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Yes, was avoiding the word venturi for fear of being too technical. Only afterthought I had was I have no idea how much vacuum one of those is capable of pulling because you're talking raising water 8 feet or so which will probably exceed the capability. Best bet might be renting a portable pump.
 
  #20  
Old 03-21-02, 02:26 PM
potato
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b. ive been around pools all my life and couldnt do without one. but my present pool is shadowed by a large mango tree. (the neighbors) i love the mangos, but hate all the leaves that are constantly ending up in the pool.
 
  #21  
Old 03-24-02, 05:20 AM
mlaaw
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how to get the water out

I bought a house w/an inground pool but needed a new liner. I drained the pool my self (all of it) this is what you have to do... On my filter i can shut off the skimmer line and have only the bottom drain "sucking" so shut the skimmers or as you said put sometimes over the skimmer hole to prevent air from geting into the pump. It sounds like there is air in your pipes and prventing it to drain anymore. Go to you pump on your filter and unscrew the lid...you need to prime the filter...so get a water hose and fill up the pump colse lid... put filter to drain and start pump/filter. this is what I had to do to get all water out (to the last drop)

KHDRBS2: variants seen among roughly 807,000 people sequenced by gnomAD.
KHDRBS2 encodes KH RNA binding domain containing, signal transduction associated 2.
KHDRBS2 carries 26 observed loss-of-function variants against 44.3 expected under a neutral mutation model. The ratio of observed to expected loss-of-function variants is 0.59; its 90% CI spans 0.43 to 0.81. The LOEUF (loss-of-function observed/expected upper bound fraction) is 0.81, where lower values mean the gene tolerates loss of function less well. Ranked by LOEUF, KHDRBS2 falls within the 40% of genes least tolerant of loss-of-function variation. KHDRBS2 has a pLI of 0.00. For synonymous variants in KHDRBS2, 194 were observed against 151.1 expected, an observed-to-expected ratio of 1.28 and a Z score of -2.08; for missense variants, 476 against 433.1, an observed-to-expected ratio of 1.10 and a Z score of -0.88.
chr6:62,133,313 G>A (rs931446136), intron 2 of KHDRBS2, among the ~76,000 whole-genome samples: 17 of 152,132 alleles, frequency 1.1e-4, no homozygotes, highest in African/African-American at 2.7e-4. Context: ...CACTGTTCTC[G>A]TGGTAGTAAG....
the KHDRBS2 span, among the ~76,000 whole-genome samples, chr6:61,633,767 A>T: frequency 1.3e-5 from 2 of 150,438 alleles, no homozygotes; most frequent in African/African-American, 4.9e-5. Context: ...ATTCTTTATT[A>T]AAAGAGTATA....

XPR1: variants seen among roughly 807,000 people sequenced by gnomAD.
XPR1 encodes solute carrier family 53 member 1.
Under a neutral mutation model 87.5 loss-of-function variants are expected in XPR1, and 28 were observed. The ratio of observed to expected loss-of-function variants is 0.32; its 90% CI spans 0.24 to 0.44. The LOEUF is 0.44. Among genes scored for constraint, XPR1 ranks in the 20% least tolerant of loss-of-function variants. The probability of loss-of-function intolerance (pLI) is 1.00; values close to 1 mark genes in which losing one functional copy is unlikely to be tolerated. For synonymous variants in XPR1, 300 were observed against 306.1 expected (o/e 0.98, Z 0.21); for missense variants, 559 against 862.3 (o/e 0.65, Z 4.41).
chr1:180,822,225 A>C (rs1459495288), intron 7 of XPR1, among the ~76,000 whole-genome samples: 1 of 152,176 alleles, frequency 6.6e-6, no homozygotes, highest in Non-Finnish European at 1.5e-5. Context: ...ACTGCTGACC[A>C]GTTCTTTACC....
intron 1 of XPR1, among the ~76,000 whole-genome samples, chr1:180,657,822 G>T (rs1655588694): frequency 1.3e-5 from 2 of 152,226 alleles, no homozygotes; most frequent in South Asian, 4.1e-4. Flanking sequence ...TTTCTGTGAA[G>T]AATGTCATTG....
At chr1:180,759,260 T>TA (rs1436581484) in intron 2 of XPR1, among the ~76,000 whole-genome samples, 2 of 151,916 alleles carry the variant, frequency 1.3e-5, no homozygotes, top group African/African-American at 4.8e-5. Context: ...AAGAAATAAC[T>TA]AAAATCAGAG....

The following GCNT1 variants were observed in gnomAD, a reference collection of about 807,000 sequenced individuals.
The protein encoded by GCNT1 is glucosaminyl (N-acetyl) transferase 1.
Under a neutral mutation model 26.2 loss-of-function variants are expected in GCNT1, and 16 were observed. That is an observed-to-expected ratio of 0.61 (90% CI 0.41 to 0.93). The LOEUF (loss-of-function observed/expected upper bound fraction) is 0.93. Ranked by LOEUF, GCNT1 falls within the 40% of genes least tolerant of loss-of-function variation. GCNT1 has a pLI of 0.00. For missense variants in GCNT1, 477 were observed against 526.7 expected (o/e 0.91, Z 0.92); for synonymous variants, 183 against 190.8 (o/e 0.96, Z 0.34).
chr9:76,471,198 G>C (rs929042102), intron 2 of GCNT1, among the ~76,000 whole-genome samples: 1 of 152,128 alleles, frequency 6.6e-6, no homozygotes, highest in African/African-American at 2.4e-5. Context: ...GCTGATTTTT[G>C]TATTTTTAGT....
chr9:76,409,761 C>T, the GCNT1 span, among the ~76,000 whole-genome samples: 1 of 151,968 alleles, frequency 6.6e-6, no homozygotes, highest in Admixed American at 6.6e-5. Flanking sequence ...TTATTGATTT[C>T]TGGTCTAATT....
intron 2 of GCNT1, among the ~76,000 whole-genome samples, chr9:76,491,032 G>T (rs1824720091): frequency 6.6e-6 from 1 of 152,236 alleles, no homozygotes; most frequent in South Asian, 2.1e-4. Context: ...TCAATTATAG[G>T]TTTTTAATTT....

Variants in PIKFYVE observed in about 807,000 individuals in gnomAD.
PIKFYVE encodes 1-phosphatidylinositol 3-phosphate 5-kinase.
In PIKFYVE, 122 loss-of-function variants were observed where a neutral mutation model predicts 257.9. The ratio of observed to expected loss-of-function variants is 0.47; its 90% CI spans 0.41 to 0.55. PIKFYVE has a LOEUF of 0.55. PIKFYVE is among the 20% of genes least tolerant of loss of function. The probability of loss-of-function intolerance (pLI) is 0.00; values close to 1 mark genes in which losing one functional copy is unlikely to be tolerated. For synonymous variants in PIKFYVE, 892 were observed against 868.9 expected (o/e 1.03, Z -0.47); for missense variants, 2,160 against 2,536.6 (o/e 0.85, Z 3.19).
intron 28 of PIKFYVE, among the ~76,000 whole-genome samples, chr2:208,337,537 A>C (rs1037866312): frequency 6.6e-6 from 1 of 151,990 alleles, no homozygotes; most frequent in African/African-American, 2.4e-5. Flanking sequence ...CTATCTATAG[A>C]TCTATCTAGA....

#22  
Old 04-07-02, 05:17 PM
wilecoyote
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B (hoping to turn into an A!)

Up here in New England you only get a few months of swimming & I really don't think a pool adds to your property value at all. Add to that my pool is well shaded by trees and the fact that you have to maintain it 12 months even tho' you only swim in it for four and it is a definite B. The upside is that nothing beats a dip in the pool on a hot day/night....
However, I'm adding solar heat and considering a Loop-Loc style cover for the winter which will all but eliminate winter maintenance. If those two mods work out, I'll be in the A category!